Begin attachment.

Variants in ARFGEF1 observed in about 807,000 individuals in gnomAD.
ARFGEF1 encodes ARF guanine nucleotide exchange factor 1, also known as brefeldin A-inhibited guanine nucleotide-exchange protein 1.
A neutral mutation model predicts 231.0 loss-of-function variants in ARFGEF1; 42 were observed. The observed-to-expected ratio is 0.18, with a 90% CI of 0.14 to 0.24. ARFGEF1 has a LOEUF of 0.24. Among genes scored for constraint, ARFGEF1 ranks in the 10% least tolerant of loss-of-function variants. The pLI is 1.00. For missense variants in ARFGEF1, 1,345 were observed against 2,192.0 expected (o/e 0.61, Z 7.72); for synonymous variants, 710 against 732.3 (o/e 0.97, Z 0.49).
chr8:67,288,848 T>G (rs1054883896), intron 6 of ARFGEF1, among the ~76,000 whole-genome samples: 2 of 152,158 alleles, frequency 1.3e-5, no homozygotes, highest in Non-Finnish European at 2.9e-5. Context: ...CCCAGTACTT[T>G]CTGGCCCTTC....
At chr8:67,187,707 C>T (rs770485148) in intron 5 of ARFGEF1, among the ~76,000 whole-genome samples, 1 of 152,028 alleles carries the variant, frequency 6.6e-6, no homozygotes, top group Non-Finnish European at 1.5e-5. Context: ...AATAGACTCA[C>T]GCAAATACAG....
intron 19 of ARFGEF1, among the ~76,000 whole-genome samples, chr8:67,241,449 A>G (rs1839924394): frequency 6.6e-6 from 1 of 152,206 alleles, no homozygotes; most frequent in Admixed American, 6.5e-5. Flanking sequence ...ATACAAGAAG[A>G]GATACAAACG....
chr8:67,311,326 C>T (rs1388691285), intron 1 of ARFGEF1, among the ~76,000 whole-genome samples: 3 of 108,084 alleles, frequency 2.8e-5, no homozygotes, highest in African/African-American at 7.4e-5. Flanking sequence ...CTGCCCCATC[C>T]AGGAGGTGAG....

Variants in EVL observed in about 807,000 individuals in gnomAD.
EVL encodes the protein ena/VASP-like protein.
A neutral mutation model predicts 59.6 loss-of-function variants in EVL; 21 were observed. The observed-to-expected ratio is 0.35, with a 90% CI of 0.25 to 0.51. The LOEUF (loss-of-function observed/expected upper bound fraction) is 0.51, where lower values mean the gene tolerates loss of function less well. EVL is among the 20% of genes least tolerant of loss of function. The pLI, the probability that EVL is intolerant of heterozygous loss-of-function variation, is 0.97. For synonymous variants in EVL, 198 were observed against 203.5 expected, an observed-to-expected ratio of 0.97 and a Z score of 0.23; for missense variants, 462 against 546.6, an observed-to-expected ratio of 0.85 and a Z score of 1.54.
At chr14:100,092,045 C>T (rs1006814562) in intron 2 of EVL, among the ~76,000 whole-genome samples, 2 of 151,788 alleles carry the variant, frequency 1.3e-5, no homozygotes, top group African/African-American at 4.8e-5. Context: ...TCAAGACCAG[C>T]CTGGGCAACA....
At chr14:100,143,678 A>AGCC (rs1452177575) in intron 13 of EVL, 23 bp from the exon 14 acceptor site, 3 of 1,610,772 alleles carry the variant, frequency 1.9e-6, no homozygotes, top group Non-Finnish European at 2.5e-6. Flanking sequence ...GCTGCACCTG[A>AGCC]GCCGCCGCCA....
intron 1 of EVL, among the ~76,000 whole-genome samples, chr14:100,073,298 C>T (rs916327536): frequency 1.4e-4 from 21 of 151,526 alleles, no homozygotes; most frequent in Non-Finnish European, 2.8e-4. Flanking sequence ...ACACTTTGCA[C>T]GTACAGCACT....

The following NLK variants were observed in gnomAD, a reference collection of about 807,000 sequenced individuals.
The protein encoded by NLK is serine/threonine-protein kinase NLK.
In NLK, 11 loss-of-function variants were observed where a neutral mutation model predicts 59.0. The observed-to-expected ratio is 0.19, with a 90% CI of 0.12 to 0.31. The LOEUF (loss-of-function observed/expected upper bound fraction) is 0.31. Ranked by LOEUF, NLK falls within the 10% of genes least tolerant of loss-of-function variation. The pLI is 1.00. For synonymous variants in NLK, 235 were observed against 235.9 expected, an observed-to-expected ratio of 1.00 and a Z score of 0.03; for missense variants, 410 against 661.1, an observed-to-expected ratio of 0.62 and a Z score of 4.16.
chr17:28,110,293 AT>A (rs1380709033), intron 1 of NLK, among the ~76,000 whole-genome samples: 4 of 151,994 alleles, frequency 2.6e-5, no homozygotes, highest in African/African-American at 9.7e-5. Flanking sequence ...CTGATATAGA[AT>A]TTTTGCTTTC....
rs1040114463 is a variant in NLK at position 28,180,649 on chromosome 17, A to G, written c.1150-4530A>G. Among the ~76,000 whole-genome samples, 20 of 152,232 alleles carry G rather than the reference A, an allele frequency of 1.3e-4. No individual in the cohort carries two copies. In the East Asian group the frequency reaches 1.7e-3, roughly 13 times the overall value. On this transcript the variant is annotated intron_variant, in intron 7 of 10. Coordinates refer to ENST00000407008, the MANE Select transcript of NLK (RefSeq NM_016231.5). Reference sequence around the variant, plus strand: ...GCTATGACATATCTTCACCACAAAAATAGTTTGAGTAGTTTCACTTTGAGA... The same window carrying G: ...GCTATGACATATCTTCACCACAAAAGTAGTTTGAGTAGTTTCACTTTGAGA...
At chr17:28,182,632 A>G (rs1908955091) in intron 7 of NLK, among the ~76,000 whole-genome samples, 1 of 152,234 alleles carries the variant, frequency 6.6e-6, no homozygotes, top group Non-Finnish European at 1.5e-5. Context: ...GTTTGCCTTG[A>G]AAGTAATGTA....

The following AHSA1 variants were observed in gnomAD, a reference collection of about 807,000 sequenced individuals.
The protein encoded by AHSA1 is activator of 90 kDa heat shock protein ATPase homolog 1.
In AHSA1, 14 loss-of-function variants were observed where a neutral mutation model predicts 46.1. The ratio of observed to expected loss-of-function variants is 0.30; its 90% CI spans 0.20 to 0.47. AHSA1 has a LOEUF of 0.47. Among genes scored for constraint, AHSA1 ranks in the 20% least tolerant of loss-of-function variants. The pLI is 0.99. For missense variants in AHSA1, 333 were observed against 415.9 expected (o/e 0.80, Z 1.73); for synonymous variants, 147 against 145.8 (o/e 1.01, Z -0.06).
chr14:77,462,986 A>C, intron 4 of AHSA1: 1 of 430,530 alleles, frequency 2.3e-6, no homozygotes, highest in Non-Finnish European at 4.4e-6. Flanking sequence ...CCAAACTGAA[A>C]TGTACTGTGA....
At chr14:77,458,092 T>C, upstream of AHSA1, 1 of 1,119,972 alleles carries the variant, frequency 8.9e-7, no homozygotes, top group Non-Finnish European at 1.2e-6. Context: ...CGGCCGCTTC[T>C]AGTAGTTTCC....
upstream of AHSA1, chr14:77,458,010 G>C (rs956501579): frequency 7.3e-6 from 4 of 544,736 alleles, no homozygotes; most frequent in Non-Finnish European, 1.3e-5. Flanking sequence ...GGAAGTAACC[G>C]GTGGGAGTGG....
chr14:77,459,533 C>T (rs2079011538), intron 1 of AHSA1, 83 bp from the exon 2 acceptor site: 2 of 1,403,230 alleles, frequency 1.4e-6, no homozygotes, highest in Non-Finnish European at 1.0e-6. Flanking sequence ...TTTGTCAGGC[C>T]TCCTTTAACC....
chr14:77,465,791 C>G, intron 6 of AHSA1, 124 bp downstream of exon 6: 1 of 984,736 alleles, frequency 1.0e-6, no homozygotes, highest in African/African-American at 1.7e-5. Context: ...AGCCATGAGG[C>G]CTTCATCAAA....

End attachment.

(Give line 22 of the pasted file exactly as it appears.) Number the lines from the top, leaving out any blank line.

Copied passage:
In AHSA1, 14 loss-of-function variants were observed where a neutral mutation model predicts 46.1. The ratio of observed to expected loss-of-function variants is 0.30; its 90% CI spans 0.20 to 0.47. AHSA1 has a LOEUF of 0.47. Among genes scored for constraint, AHSA1 ranks in the 20% least tolerant of loss-of-function variants. The pLI is 0.99. For missense variants in AHSA1, 333 were observed against 415.9 expected (o/e 0.80, Z 1.73); for synonymous variants, 147 against 145.8 (o/e 1.01, Z -0.06).